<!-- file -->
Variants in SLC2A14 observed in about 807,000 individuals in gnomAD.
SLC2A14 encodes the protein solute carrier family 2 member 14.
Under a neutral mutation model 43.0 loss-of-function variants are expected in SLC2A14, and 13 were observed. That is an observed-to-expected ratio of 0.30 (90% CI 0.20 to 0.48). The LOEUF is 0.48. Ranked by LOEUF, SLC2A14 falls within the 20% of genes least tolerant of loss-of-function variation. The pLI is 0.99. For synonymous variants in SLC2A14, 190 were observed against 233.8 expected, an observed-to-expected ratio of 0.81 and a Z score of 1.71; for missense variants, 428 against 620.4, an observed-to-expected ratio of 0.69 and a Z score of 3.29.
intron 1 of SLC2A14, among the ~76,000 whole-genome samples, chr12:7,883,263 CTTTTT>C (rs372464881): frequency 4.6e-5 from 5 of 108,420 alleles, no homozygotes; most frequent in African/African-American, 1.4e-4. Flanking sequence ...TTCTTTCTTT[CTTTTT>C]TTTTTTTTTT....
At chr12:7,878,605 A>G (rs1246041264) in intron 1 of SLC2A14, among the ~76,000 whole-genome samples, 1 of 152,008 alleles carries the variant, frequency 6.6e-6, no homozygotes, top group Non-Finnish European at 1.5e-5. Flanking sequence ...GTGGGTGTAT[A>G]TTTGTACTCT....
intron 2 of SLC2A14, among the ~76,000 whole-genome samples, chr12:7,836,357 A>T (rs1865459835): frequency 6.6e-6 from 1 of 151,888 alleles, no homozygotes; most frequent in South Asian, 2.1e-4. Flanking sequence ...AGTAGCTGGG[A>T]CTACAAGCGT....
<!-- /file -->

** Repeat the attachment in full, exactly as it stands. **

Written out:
Variants in SLC2A14 observed in about 807,000 individuals in gnomAD.
SLC2A14 encodes the protein solute carrier family 2 member 14.
Under a neutral mutation model 43.0 loss-of-function variants are expected in SLC2A14, and 13 were observed. That is an observed-to-expected ratio of 0.30 (90% CI 0.20 to 0.48). The LOEUF is 0.48. Ranked by LOEUF, SLC2A14 falls within the 20% of genes least tolerant of loss-of-function variation. The pLI is 0.99. For synonymous variants in SLC2A14, 190 were observed against 233.8 expected, an observed-to-expected ratio of 0.81 and a Z score of 1.71; for missense variants, 428 against 620.4, an observed-to-expected ratio of 0.69 and a Z score of 3.29.
intron 1 of SLC2A14, among the ~76,000 whole-genome samples, chr12:7,883,263 CTTTTT>C (rs372464881): frequency 4.6e-5 from 5 of 108,420 alleles, no homozygotes; most frequent in African/African-American, 1.4e-4. Flanking sequence ...TTCTTTCTTT[CTTTTT>C]TTTTTTTTTT....
At chr12:7,878,605 A>G (rs1246041264) in intron 1 of SLC2A14, among the ~76,000 whole-genome samples, 1 of 152,008 alleles carries the variant, frequency 6.6e-6, no homozygotes, top group Non-Finnish European at 1.5e-5. Flanking sequence ...GTGGGTGTAT[A>G]TTTGTACTCT....
intron 2 of SLC2A14, among the ~76,000 whole-genome samples, chr12:7,836,357 A>T (rs1865459835): frequency 6.6e-6 from 1 of 151,888 alleles, no homozygotes; most frequent in South Asian, 2.1e-4. Flanking sequence ...AGTAGCTGGG[A>T]CTACAAGCGT....